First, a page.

President Joe Biden on Wednesday gathered world leaders virtually to discuss a plan for fighting the COVID-19 pandemic, which has killed more than 4 million people globally, announcing the U.S. would donate another half billion doses of Pfizer vaccine to lower-income nations.
The White House’s stated goal for the summit, happening at the same time as the U.N. General Assembly, was to get world leaders to commit to increasing vaccination rates, making live-saving measures more widely available globally and aligning global targets for fighting the pandemic.
Despite the fact that White House officials told reporters Tuesday night that Biden would call on world leaders to commit to reaching a 70% vaccination goal by September 2022, he did not mention the goal in his opening remarks, and the White House has yet to achieve a 70% vaccination rate across the U.S., despite the wide availability of vaccines for months.
“This summit is about supercharging our efforts in three key areas: vaccinating the world by dramatically ramping up vaccine production, donations, delivery and administering the vaccine which is a logistical challenge,” Biden said.
Biden committed American resources to tackle those logistical problems and ramp up vaccinations.
“The United States is buying another half billion doses of Pfizer to donate to low- and middle-income countries around the world. This is another half a billion doses that will all be shipped by this time next year, and it brings our total commitment of donations — of donated vaccines to over 1.1 billion vaccines to be donated.”
Biden made a point of thanking Pfizer CEO, Albert Bourla, lavishing him with praise. A New York Times report from Wednesday said Moderna has refused to cooperate with the administration on producing doses at-cost for donation around the world.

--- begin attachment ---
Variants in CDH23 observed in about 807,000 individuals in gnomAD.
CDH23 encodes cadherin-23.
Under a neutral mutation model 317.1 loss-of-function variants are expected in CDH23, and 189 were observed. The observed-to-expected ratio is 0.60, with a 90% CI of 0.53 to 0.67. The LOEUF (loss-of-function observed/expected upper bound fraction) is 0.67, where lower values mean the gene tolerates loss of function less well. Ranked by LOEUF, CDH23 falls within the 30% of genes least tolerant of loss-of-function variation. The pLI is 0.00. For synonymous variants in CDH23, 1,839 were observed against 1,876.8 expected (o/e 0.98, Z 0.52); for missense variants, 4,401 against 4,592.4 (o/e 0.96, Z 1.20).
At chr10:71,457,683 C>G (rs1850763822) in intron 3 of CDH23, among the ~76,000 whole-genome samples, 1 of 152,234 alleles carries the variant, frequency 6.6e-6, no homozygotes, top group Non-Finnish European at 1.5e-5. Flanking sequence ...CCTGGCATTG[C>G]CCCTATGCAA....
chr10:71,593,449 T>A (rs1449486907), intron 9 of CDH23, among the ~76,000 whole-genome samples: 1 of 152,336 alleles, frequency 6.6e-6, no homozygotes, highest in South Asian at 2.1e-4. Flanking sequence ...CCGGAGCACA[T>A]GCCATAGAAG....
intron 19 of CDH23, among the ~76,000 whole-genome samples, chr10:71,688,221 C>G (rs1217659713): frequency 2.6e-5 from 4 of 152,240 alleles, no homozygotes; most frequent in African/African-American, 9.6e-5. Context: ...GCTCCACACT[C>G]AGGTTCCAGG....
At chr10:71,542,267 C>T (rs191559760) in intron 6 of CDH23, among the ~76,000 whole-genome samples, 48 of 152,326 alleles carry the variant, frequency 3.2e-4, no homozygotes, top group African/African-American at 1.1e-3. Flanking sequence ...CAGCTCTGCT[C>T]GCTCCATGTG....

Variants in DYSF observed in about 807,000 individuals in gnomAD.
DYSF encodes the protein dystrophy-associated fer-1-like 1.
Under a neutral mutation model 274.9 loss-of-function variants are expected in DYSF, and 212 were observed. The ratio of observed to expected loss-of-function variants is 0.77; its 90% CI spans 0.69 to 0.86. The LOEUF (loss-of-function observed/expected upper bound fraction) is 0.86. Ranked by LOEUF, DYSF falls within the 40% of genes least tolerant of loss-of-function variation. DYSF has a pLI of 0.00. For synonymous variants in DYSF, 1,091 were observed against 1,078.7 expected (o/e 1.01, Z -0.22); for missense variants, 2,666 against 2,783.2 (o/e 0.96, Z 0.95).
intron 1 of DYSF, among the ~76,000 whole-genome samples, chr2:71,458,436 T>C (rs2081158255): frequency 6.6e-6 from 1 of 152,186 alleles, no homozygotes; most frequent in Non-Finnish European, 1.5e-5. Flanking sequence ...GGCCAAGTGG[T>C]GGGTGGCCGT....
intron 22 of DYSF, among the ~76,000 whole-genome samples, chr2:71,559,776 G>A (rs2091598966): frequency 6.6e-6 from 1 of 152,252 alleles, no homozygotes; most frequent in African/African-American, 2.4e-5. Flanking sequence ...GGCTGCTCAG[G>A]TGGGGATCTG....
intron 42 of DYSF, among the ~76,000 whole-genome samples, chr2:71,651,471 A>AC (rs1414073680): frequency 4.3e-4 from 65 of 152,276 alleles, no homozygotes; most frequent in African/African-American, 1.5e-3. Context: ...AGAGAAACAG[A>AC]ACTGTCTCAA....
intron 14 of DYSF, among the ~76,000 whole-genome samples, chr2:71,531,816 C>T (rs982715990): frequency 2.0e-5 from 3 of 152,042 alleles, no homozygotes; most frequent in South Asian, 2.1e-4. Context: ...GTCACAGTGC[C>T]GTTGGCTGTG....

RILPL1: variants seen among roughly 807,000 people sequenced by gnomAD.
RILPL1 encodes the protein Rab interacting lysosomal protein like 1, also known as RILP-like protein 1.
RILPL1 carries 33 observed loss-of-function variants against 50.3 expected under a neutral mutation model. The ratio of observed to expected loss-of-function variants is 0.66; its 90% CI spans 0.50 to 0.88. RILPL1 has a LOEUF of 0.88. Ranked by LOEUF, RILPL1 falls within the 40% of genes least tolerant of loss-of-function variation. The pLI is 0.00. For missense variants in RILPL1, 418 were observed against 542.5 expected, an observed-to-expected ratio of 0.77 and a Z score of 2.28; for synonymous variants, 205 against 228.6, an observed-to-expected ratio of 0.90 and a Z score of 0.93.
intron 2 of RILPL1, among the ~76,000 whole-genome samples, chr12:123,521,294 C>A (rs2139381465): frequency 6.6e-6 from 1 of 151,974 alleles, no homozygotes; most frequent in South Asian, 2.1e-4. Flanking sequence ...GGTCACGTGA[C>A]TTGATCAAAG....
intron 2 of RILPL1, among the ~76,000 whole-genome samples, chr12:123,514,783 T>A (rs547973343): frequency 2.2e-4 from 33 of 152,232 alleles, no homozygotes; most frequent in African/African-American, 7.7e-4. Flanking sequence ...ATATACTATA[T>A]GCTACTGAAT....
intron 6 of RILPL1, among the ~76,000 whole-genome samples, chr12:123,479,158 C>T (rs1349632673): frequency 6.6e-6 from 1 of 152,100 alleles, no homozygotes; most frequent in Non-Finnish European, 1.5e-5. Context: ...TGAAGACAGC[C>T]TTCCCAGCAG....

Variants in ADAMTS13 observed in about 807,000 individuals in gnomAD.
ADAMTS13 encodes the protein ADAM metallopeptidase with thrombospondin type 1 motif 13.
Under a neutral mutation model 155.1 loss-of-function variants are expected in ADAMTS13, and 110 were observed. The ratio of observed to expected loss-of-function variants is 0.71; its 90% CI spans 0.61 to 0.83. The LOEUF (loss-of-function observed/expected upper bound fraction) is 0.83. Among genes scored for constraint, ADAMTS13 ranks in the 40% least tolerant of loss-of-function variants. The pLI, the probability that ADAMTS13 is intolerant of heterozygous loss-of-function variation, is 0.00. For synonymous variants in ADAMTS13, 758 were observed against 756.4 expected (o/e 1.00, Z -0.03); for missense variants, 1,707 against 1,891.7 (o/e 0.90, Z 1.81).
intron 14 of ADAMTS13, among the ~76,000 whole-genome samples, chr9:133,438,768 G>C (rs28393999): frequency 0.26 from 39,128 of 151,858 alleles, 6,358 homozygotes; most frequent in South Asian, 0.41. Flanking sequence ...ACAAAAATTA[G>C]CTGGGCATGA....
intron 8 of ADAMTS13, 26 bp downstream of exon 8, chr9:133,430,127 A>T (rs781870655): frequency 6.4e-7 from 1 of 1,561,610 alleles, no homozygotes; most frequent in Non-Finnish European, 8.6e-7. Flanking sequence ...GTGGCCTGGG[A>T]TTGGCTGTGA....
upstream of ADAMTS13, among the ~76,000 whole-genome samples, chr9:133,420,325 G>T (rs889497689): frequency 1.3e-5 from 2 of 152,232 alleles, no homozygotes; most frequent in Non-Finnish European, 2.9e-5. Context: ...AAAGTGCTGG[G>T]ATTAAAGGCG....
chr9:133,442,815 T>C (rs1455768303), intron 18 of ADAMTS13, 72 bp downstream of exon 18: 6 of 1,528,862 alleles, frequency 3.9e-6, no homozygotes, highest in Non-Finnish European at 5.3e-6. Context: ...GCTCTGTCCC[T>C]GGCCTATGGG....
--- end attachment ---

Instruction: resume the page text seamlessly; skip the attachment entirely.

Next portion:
Biden noted that figure means that for every shot given in the U.S., the U.S. will have donated three doses elsewhere. The U.S. will also partner with the European Union in a vaccine partnership that will expand global vaccinations, especially through vaccine donations.
The president also committed to helping scale manufacturing capacity for vaccines across the world.
“For example, our Quad-partnership with India, Japan and Australia is on track to help produce at least one billion vaccine doses in India to boost the global supply by the end of 2022. And we’re providing financing and helping to strengthen manufacturing in South Africa, and produce more than 500 million doses of J&J in Africa — for Africa — next year,” Biden said.
Biden failed to mention though that a major South African lab will only be bottling the vaccine, not making the vaccine itself, nor the fact that the Indian government blocked export of vaccine from India to South Africa months ago in order to focus on its own outbreak. These examples belie Biden’s claims that the administration is facilitating a ramp up on manufacturing around the world.
“We're not going to solve this crisis with half measures, or middle of the road, ambitions. We need to go big,” Biden said. “And we need to do our part, governments, the private sector, civil society, leaders, philanthropists. This is an all hands on deck crisis.”
The president has also directed Secretary of State Antony Blinken to monitor the progress of other countries by convening foreign ministers later this year. He also proposed continued global summits on COVID-19 to ensure progress.
“We can do this,” Biden said. “We can do this. We have to do this.”
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